Project synopsis: This proposal is to help support the final year of a 4-year longitudinal ethnographic study of race and racial identity among undergraduate university students. We seek to develop a deep understanding of how the university context, including formal and informal policies/programming, affects student racial identity and produces race-based scripts and schemas. Events on college campuses across the country over the last several years have called into question the integrity and stability of elements of current university models and campus life. Of particular note are rhetoric from student groups and faculty/administrators on a range of campuses calling for an increase in minority student “safe spaces,” (including a number of pieces penned by Northwestern University’s (NU) president emphasizing the importance of these designated spaces for the success of minority student populations on campuses). These “spaces” can take multiple forms including; literal, group-specific designated geographies within campus, figurative, such as ethno-racial and/or multicultural student clubs and organizations, and even atmospheric/ecological, as in cultivated learning and discursive social environments in which topics and rhetoric are framed (or avoided) in particular ways. However, there is scant research that looks deeply at how these spaces and groups affect student experience and student identity development, across a spectrum of outcomes, in meaningful ways. Further, there is little research that deeply examines the question of the broader socio-cultural impact of the these designated, group-specific spaces.  This raises the question: Are the underlying assumptions regarding the value of “safe spaces” and ethno-racial group-specific organizations correct? The current study situates these questions in a broader set of issues: How does the university environment shape student racial identity, group membership, on-campus experiences and outcomes, and larger worldview relative to diversity and understandings about “otherness?” The project also explores sub-questions including: How are students socialized into the racial landscape of the university? How do students learn and operationalize frameworks for racial identity and inter/intra- group interaction? What role do ethno-racial/multicultural student groups play in shaping student experience? What are the socio-cultural and political consequences of the group (and thought) sequestering that may take place as a result of the myriad group-specific spaces? Finally, how do experiences relative to these questions vary across different ethno-racial groups? As schools think through how/if policies or practices should be implemented in response to their existing or projected student body, it is important to construct a more substantive, evidence-based understanding of the practical implications and probable outcomes associated with the various models, policies, and practices in question. Developing a deep and nuanced picture of how college students self-define and locate themselves and others relative to race and other self-identified important identities, and how various aspects of the college environment writ large shape these over time, are important elements in maximizing opportunities, identifying and reducing inequities, and yielding positive experiences for students of all backgrounds, as well as for understanding the (re)production of the schemas that contribute to shaping the racial fabric of contemporary American society. This longitudinal research uses an in-depth, open-ended interview approach.  A cohort of freshmen students were interviewed during the winter quarter of their freshman year. A group of older students was interviewed during this same time frame, so as to provide a point of reference and context to the experiences of the freshman cohort.  The “freshman” cohort was interviewed again approximately 1 year after their initial interviews (during the 2016-2017 school year). During the current phase of the project this cohort will be interviewed a final time so as to provide insight into their perspectives regarding/experiences at Northwestern over time, as well as to learn how/if their understanding of their racial identities and the role of race on campus has changed since matriculation.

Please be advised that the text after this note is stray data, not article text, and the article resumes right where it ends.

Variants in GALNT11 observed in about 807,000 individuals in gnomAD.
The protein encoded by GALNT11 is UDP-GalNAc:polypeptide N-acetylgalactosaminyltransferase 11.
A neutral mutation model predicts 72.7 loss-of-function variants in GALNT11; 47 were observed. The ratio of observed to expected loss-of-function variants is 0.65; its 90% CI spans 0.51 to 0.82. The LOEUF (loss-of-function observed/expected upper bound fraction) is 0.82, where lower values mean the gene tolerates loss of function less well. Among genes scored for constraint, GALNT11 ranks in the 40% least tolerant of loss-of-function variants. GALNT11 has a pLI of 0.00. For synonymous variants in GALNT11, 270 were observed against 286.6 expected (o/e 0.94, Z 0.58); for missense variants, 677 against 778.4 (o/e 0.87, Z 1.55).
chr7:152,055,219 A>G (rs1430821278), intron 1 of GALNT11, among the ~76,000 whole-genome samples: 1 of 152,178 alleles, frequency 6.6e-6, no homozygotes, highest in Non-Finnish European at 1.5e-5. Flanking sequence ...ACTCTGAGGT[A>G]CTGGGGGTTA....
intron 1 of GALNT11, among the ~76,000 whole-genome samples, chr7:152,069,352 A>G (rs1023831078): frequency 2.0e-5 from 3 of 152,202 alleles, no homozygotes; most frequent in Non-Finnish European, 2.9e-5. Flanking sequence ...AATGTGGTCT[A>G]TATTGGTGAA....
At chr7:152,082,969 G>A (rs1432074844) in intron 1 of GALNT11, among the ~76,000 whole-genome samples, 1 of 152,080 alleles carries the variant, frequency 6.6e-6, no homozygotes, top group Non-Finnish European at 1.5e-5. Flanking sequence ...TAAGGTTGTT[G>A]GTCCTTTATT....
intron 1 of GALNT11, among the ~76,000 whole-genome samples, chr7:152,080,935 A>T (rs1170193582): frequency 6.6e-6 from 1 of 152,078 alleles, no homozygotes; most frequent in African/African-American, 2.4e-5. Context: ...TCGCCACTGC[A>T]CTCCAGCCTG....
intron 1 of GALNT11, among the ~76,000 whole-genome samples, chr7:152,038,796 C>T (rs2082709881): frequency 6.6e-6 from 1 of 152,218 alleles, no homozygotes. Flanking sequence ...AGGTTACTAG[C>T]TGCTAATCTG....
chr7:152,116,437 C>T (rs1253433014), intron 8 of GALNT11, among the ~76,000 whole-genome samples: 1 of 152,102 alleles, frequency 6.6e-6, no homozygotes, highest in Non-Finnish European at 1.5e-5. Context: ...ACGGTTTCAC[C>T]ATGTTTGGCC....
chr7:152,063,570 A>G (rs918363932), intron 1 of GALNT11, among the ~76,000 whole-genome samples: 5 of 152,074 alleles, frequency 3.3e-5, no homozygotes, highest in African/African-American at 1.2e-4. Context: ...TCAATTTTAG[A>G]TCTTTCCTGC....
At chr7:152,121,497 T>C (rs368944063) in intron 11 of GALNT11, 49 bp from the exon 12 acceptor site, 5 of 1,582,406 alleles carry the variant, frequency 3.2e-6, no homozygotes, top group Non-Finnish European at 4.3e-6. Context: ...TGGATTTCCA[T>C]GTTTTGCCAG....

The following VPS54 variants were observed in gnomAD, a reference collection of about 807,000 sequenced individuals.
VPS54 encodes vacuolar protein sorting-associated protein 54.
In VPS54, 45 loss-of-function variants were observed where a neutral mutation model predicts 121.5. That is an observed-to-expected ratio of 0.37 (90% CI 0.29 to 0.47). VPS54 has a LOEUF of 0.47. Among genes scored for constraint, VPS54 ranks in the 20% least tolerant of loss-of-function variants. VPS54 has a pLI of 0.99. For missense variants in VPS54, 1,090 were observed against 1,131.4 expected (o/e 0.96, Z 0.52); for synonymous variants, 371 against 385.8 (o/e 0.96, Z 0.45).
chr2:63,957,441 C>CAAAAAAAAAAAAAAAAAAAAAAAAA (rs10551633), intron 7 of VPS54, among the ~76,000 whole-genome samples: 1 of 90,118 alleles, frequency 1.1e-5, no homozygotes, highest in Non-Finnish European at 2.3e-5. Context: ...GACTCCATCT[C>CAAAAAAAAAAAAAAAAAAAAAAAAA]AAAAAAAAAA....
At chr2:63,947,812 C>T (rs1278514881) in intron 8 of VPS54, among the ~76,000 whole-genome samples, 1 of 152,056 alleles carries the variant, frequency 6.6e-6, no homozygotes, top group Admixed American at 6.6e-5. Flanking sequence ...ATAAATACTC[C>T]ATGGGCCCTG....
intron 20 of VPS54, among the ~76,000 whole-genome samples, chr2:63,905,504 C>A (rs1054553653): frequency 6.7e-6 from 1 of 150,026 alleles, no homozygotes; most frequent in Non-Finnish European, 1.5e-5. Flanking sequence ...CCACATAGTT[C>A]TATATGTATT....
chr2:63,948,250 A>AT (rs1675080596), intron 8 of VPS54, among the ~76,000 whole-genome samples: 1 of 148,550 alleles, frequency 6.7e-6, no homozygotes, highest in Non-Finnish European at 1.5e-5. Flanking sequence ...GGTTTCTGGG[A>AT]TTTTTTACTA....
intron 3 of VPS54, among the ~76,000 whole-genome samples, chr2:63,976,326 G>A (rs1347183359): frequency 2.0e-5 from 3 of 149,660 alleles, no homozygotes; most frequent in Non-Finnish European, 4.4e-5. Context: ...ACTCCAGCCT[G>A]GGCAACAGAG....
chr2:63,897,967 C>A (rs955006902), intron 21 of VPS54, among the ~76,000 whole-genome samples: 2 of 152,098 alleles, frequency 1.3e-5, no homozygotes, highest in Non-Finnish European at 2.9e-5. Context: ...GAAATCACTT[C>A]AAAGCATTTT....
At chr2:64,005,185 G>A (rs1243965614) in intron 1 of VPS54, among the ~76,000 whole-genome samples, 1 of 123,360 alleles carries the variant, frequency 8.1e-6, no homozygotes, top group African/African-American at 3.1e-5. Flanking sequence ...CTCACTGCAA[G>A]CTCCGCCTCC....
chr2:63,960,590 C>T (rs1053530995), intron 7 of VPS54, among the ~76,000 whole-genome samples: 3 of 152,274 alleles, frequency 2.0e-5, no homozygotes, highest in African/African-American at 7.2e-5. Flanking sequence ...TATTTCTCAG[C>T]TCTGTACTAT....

Description of the RA position: This position is shared with another student; each position can earn a max of $1000. The students will be integral parts of the research process. Their primary task will be conducting qualitative interviews.  Using a baseline protocol that will act as a guide, the student researchers will interview participants, engaging in careful listening so as to ask probing, follow-up questions. Upon completion of each interview, RAs will be asked to “debrief” themselves in writing, so as to create substantive and nuanced records of each interview subject and to track and account for their own roles in the research process. This debriefing will compromise one component of the analytic memos that the Ras will be required to complete following each interview. In addition to the elements already identified, the memos will provide space for the students to identify and explore themes from within the given interview and across interviews, as well as to develop preliminary analytic ideas. Finally, students will be encouraged to journal so as to provide space for themselves to reflect on their own learning and the effect that participating in this project (which, given the subject matter and the students’ insider status relative to the research population) might have on their own identities and perceptions of student life at Northwestern.  This journaling will not be required of students, but it will be strongly suggested. In addition to engaging in data collection, students will be expected to attend weekly or every-other-weekly meetings throughout the year (which will include myself and the two research assistants), during which I will have the opportunity to engage with the students regarding their experiences interviewing, thought processes, and emerging ideas. In their memos and during the meetings, the students will participate in critical dialogues about the data and project and contribute their own analytic ideas. The grounded theory approach utilized in this project allows for the pursuit and “testing” of developing hypotheses.  I will encourage students, as appropriate to develop strategies to follow-up and delve deeper into their ideas and to think through what sorts of further data might be necessary in order to learn how their ideas may be “right” or “wrong.” They will also be guided in thinking through how their ideas may fit into the research questions and project writ large.